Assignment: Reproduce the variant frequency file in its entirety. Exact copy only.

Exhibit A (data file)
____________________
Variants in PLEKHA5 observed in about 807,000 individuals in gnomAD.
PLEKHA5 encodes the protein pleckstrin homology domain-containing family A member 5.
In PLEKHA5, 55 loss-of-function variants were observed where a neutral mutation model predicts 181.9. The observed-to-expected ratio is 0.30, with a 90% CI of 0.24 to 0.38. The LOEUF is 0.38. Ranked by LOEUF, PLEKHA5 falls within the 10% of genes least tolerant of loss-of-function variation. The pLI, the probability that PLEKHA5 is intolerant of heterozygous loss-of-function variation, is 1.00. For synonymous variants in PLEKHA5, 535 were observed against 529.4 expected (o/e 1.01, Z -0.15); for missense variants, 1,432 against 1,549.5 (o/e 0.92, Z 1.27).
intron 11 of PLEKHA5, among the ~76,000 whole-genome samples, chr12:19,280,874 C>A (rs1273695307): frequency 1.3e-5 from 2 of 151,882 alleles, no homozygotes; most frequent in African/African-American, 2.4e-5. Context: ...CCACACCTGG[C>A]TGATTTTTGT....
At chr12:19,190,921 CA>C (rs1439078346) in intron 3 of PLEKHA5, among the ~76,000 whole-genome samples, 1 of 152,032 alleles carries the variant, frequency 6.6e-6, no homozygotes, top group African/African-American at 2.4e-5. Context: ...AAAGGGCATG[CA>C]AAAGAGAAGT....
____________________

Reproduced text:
Variants in PLEKHA5 observed in about 807,000 individuals in gnomAD.
PLEKHA5 encodes the protein pleckstrin homology domain-containing family A member 5.
In PLEKHA5, 55 loss-of-function variants were observed where a neutral mutation model predicts 181.9. The observed-to-expected ratio is 0.30, with a 90% CI of 0.24 to 0.38. The LOEUF is 0.38. Ranked by LOEUF, PLEKHA5 falls within the 10% of genes least tolerant of loss-of-function variation. The pLI, the probability that PLEKHA5 is intolerant of heterozygous loss-of-function variation, is 1.00. For synonymous variants in PLEKHA5, 535 were observed against 529.4 expected (o/e 1.01, Z -0.15); for missense variants, 1,432 against 1,549.5 (o/e 0.92, Z 1.27).
intron 11 of PLEKHA5, among the ~76,000 whole-genome samples, chr12:19,280,874 C>A (rs1273695307): frequency 1.3e-5 from 2 of 151,882 alleles, no homozygotes; most frequent in African/African-American, 2.4e-5. Context: ...CCACACCTGG[C>A]TGATTTTTGT....
At chr12:19,190,921 CA>C (rs1439078346) in intron 3 of PLEKHA5, among the ~76,000 whole-genome samples, 1 of 152,032 alleles carries the variant, frequency 6.6e-6, no homozygotes, top group African/African-American at 2.4e-5. Context: ...AAAGGGCATG[CA>C]AAAGAGAAGT....